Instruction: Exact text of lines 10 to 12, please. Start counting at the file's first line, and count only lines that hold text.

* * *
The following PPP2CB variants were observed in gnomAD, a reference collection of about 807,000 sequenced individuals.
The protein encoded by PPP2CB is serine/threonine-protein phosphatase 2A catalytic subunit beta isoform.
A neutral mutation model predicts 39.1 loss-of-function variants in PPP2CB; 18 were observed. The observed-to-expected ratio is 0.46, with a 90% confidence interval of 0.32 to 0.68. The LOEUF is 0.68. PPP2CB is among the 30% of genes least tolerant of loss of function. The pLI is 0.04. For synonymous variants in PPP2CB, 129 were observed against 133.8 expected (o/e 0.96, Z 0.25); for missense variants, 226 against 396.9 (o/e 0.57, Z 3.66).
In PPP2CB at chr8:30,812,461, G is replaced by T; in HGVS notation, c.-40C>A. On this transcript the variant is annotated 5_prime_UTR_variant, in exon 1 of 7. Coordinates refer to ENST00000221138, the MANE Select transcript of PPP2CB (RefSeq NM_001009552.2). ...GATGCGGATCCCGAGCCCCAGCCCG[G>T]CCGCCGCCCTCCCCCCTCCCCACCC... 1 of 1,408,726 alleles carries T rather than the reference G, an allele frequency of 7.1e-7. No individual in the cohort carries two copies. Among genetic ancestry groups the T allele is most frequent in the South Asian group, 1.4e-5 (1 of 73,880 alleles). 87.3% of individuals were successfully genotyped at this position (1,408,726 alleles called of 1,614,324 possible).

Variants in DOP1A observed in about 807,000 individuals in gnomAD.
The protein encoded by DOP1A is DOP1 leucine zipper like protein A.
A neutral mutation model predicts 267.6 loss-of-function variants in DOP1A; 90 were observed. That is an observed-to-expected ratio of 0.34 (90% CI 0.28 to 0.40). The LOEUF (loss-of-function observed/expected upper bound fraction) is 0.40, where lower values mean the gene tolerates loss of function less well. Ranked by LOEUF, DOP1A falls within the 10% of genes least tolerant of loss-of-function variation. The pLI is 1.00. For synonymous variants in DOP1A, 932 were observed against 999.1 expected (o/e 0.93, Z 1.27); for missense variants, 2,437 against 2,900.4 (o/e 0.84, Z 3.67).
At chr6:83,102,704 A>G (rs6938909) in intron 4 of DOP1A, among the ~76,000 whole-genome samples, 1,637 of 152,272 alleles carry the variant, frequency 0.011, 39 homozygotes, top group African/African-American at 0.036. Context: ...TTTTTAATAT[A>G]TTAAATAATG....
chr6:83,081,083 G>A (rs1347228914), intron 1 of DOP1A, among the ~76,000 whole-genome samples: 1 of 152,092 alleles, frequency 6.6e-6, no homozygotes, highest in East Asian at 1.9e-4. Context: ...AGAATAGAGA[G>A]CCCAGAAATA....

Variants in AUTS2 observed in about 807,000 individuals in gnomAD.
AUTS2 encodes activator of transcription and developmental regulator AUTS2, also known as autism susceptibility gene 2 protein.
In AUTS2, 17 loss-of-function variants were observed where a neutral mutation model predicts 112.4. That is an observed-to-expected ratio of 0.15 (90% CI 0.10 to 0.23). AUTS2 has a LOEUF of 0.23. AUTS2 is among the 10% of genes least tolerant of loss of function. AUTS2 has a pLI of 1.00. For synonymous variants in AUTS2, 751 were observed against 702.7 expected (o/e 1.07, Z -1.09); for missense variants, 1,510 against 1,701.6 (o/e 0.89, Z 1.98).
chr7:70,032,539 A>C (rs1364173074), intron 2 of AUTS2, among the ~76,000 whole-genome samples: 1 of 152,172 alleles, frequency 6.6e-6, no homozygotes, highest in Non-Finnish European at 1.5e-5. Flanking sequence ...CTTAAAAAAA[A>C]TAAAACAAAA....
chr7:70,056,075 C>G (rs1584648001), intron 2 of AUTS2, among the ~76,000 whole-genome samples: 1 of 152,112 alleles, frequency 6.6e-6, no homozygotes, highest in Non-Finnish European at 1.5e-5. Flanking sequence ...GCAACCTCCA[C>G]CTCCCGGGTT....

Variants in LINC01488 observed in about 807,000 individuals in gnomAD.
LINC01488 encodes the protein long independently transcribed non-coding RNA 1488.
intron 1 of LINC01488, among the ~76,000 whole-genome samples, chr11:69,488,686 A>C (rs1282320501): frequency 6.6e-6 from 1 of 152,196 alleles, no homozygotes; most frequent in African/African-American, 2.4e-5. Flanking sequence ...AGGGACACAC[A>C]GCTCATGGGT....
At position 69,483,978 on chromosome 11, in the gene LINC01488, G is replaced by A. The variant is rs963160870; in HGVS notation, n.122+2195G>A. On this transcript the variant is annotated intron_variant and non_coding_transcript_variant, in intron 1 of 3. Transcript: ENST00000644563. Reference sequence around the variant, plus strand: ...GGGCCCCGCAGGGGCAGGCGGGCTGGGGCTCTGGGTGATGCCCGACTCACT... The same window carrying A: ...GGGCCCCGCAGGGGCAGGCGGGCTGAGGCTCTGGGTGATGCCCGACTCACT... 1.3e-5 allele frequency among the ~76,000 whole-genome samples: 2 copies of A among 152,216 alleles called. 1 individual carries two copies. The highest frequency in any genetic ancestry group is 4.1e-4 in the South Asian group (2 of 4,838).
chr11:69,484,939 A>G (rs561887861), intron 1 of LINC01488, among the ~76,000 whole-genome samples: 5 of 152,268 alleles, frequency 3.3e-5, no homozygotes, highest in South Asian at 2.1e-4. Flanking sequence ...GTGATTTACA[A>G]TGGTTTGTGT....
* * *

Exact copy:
Variants in AUTS2 observed in about 807,000 individuals in gnomAD.
AUTS2 encodes activator of transcription and developmental regulator AUTS2, also known as autism susceptibility gene 2 protein.
In AUTS2, 17 loss-of-function variants were observed where a neutral mutation model predicts 112.4. That is an observed-to-expected ratio of 0.15 (90% CI 0.10 to 0.23). AUTS2 has a LOEUF of 0.23. AUTS2 is among the 10% of genes least tolerant of loss of function. AUTS2 has a pLI of 1.00. For synonymous variants in AUTS2, 751 were observed against 702.7 expected (o/e 1.07, Z -1.09); for missense variants, 1,510 against 1,701.6 (o/e 0.89, Z 1.98).